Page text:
2. Open-End Funds
Generally, there will be no changes to the tax regime for open-end funds that fall within the scope of the German Investment Tax Act currently in force. However, certain requirements will be introduced in order for a fund to qualify for this tax regime (e.g. certain redemption rights and investment limitations). Accordingly, open-end funds that do not fulfill these requirements will be subject to the tax regime applicable to closed-end funds.
3. Transitional Provisions
The draft does not contain transitional provisions for closed-end funds organized as partnerships (e.g. German GmbH & Co. KG, limited partnerships) because their taxation does not change.
The new tax rules for closed-end funds organized as corporations (e.g. German joint stock corporation, Luxembourg S.C.A./S.A. SICAV, Irish PLC) will enter into force as of 22 July 2013; they are not not be grandfathered. Such funds would be subject to mandatory lump-sum taxation.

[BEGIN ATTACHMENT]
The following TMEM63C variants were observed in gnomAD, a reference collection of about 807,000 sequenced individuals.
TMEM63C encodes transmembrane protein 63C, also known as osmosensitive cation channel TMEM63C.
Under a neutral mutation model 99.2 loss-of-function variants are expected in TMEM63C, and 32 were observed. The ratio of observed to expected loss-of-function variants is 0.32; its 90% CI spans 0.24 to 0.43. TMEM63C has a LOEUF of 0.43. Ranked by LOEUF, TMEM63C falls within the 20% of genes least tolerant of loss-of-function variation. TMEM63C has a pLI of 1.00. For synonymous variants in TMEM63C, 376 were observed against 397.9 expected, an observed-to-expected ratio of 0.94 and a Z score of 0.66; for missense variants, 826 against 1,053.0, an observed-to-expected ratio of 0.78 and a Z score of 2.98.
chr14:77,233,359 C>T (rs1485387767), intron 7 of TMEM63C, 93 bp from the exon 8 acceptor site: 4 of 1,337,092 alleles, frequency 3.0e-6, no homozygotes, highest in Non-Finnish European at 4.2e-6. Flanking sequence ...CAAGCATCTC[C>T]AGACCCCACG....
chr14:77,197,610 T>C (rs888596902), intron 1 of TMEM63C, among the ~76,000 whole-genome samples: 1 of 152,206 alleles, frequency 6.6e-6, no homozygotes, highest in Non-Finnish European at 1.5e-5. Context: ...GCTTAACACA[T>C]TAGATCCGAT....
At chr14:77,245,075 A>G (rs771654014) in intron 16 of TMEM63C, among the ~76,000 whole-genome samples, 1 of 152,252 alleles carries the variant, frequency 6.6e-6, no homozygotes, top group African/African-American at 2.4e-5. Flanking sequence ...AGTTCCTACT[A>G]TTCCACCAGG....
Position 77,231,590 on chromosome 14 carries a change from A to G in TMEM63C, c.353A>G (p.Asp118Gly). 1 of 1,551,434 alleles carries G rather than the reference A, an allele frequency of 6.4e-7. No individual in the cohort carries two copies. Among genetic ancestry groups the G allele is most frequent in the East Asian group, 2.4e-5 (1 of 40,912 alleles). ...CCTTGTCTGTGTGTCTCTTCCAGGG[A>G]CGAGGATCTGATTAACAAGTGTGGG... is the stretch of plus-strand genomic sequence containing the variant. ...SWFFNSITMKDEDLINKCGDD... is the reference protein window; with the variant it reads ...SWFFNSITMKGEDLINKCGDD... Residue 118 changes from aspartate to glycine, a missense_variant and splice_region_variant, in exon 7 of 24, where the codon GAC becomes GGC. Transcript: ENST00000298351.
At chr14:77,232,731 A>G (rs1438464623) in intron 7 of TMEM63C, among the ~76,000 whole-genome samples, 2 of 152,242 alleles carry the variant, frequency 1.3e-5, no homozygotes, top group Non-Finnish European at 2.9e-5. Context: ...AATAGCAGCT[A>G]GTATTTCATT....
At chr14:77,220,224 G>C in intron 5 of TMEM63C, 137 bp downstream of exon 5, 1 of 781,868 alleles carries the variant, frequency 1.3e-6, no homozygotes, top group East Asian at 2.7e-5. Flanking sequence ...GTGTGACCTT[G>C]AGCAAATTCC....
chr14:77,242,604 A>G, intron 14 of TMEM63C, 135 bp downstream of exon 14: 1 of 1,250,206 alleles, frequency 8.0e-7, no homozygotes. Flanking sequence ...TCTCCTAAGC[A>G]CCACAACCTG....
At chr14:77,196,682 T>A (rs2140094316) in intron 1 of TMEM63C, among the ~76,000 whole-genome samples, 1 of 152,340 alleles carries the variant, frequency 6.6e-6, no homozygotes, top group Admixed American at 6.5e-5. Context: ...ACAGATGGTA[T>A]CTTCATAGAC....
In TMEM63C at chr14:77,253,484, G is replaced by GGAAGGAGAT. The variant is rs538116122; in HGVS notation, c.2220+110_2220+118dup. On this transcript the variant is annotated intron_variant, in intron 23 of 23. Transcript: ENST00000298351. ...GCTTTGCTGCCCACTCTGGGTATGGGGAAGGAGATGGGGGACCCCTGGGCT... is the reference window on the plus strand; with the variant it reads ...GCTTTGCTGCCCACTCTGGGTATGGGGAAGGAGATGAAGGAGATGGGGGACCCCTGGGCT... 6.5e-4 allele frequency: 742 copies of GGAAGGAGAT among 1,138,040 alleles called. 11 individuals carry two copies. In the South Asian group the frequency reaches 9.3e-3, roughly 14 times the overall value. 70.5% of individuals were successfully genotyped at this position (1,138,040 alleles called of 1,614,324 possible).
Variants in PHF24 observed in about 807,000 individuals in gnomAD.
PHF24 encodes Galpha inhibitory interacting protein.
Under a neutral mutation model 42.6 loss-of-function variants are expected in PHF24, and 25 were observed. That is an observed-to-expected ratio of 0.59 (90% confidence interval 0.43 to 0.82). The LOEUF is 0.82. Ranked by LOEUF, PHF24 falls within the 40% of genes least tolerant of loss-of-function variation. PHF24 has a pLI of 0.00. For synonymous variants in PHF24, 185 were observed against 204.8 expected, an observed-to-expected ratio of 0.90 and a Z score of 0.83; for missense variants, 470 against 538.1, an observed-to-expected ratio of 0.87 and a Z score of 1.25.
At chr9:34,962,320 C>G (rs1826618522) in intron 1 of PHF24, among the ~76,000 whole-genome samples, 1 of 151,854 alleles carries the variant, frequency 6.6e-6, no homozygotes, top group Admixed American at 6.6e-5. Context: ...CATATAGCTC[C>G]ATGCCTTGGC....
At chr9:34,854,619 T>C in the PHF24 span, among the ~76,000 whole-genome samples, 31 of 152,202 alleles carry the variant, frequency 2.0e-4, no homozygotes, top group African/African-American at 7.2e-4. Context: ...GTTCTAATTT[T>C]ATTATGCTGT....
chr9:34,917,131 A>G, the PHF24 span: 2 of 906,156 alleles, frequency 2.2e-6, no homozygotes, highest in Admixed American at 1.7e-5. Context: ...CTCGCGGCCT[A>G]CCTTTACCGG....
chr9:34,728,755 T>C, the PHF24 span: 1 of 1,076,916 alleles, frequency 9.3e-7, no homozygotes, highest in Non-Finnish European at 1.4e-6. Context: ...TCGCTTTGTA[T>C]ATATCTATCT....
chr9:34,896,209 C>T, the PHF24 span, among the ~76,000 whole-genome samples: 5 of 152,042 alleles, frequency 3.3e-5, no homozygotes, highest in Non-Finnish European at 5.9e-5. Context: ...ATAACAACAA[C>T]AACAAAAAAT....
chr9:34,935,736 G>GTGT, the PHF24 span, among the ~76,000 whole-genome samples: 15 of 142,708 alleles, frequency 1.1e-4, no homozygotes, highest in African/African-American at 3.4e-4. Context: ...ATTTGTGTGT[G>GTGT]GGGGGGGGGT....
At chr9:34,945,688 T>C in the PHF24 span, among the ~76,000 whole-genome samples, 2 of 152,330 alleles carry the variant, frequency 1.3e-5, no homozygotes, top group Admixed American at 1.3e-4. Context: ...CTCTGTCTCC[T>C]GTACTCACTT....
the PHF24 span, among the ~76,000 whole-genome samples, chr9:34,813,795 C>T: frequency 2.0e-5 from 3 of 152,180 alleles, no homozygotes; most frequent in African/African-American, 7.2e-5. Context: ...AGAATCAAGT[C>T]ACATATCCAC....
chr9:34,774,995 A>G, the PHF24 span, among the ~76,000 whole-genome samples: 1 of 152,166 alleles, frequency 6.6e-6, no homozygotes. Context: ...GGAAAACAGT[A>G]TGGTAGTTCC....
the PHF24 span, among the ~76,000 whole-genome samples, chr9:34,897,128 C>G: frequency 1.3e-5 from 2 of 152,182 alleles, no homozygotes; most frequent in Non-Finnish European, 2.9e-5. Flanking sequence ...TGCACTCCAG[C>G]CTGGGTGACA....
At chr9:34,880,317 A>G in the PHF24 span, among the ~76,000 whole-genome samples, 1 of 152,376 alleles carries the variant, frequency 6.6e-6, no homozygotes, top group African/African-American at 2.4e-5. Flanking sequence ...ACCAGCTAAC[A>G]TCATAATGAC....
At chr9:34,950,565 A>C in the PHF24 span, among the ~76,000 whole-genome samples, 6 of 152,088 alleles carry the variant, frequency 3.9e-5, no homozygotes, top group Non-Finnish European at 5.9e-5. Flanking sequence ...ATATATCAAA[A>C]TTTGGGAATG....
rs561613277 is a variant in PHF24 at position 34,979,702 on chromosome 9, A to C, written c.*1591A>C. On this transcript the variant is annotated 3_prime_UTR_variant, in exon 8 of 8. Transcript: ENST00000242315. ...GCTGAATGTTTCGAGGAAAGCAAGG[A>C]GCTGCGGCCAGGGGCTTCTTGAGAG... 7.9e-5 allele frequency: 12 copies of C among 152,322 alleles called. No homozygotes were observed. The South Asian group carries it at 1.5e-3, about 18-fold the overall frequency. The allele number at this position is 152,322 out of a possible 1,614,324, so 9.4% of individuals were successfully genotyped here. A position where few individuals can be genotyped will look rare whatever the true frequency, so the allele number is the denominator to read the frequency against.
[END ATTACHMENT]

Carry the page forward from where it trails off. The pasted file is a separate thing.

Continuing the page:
The tax regime currently in place for open-end funds that fall within the scope of the German Investment Tax Act currently in force and that have been or will be established prior to 22 July 2013 remains applicable; they are grandfathered.
4. VAT on Management Fee
Management Fees paid by closed-end funds are intended to remain subject to VAT.
The provisions (including the lack of grandfathering rules) for closed-end funds organized as corporations are not reasonable and constitute a violation of the constitution. In the course of the hearing of the relevant associations and in the legislative procedure P+P will use professional efforts to adapt the provisions of the Draft appropriately.